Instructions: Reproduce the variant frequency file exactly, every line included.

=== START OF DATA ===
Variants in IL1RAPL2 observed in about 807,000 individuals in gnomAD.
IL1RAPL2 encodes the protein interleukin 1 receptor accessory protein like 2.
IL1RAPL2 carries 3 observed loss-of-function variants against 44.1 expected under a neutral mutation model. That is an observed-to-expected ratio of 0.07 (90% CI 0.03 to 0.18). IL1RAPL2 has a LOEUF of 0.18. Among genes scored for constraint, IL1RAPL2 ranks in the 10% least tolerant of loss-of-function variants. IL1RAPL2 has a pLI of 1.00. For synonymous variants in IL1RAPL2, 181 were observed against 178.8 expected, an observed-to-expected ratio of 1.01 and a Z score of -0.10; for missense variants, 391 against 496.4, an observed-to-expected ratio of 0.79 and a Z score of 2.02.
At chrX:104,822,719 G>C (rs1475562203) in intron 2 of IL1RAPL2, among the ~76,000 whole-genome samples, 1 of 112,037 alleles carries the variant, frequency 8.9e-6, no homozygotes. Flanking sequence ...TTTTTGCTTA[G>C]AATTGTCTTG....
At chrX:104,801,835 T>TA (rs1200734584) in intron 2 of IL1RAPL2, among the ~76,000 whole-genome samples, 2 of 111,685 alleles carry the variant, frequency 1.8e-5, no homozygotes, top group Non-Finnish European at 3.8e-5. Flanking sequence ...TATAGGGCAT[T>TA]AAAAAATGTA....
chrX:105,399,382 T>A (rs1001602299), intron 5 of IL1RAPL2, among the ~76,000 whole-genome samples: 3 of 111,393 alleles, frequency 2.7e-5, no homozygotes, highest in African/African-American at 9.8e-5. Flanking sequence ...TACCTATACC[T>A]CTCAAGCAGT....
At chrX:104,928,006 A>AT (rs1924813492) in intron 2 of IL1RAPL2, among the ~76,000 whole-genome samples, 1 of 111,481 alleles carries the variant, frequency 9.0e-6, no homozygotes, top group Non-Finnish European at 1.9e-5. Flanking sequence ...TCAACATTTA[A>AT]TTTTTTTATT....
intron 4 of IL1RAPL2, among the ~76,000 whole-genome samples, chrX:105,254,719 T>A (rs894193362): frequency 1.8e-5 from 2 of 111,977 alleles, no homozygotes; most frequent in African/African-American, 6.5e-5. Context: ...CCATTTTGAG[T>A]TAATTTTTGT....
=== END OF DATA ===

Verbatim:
Variants in IL1RAPL2 observed in about 807,000 individuals in gnomAD.
IL1RAPL2 encodes the protein interleukin 1 receptor accessory protein like 2.
IL1RAPL2 carries 3 observed loss-of-function variants against 44.1 expected under a neutral mutation model. That is an observed-to-expected ratio of 0.07 (90% CI 0.03 to 0.18). IL1RAPL2 has a LOEUF of 0.18. Among genes scored for constraint, IL1RAPL2 ranks in the 10% least tolerant of loss-of-function variants. IL1RAPL2 has a pLI of 1.00. For synonymous variants in IL1RAPL2, 181 were observed against 178.8 expected, an observed-to-expected ratio of 1.01 and a Z score of -0.10; for missense variants, 391 against 496.4, an observed-to-expected ratio of 0.79 and a Z score of 2.02.
At chrX:104,822,719 G>C (rs1475562203) in intron 2 of IL1RAPL2, among the ~76,000 whole-genome samples, 1 of 112,037 alleles carries the variant, frequency 8.9e-6, no homozygotes. Flanking sequence ...TTTTTGCTTA[G>C]AATTGTCTTG....
At chrX:104,801,835 T>TA (rs1200734584) in intron 2 of IL1RAPL2, among the ~76,000 whole-genome samples, 2 of 111,685 alleles carry the variant, frequency 1.8e-5, no homozygotes, top group Non-Finnish European at 3.8e-5. Flanking sequence ...TATAGGGCAT[T>TA]AAAAAATGTA....
chrX:105,399,382 T>A (rs1001602299), intron 5 of IL1RAPL2, among the ~76,000 whole-genome samples: 3 of 111,393 alleles, frequency 2.7e-5, no homozygotes, highest in African/African-American at 9.8e-5. Flanking sequence ...TACCTATACC[T>A]CTCAAGCAGT....
At chrX:104,928,006 A>AT (rs1924813492) in intron 2 of IL1RAPL2, among the ~76,000 whole-genome samples, 1 of 111,481 alleles carries the variant, frequency 9.0e-6, no homozygotes, top group Non-Finnish European at 1.9e-5. Flanking sequence ...TCAACATTTA[A>AT]TTTTTTTATT....
intron 4 of IL1RAPL2, among the ~76,000 whole-genome samples, chrX:105,254,719 T>A (rs894193362): frequency 1.8e-5 from 2 of 111,977 alleles, no homozygotes; most frequent in African/African-American, 6.5e-5. Context: ...CCATTTTGAG[T>A]TAATTTTTGT....